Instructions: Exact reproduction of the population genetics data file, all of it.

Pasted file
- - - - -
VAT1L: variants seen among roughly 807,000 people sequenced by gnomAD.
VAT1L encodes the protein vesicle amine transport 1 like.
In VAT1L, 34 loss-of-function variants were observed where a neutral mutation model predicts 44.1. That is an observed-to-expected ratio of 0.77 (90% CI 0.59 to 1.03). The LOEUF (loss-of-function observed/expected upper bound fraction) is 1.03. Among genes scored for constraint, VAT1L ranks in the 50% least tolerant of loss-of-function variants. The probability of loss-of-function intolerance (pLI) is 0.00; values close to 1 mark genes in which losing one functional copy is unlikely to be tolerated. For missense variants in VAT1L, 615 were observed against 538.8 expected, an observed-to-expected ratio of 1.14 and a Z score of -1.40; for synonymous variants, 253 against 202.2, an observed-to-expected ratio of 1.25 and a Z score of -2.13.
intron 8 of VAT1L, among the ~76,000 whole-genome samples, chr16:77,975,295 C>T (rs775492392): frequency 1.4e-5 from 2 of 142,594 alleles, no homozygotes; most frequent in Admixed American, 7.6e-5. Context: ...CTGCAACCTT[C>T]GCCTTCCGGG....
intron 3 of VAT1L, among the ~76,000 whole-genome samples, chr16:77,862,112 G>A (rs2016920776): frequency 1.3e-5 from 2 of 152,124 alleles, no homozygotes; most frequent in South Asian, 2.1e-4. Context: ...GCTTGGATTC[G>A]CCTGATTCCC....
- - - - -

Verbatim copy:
VAT1L: variants seen among roughly 807,000 people sequenced by gnomAD.
VAT1L encodes the protein vesicle amine transport 1 like.
In VAT1L, 34 loss-of-function variants were observed where a neutral mutation model predicts 44.1. That is an observed-to-expected ratio of 0.77 (90% CI 0.59 to 1.03). The LOEUF (loss-of-function observed/expected upper bound fraction) is 1.03. Among genes scored for constraint, VAT1L ranks in the 50% least tolerant of loss-of-function variants. The probability of loss-of-function intolerance (pLI) is 0.00; values close to 1 mark genes in which losing one functional copy is unlikely to be tolerated. For missense variants in VAT1L, 615 were observed against 538.8 expected, an observed-to-expected ratio of 1.14 and a Z score of -1.40; for synonymous variants, 253 against 202.2, an observed-to-expected ratio of 1.25 and a Z score of -2.13.
intron 8 of VAT1L, among the ~76,000 whole-genome samples, chr16:77,975,295 C>T (rs775492392): frequency 1.4e-5 from 2 of 142,594 alleles, no homozygotes; most frequent in Admixed American, 7.6e-5. Context: ...CTGCAACCTT[C>T]GCCTTCCGGG....
intron 3 of VAT1L, among the ~76,000 whole-genome samples, chr16:77,862,112 G>A (rs2016920776): frequency 1.3e-5 from 2 of 152,124 alleles, no homozygotes; most frequent in South Asian, 2.1e-4. Context: ...GCTTGGATTC[G>A]CCTGATTCCC....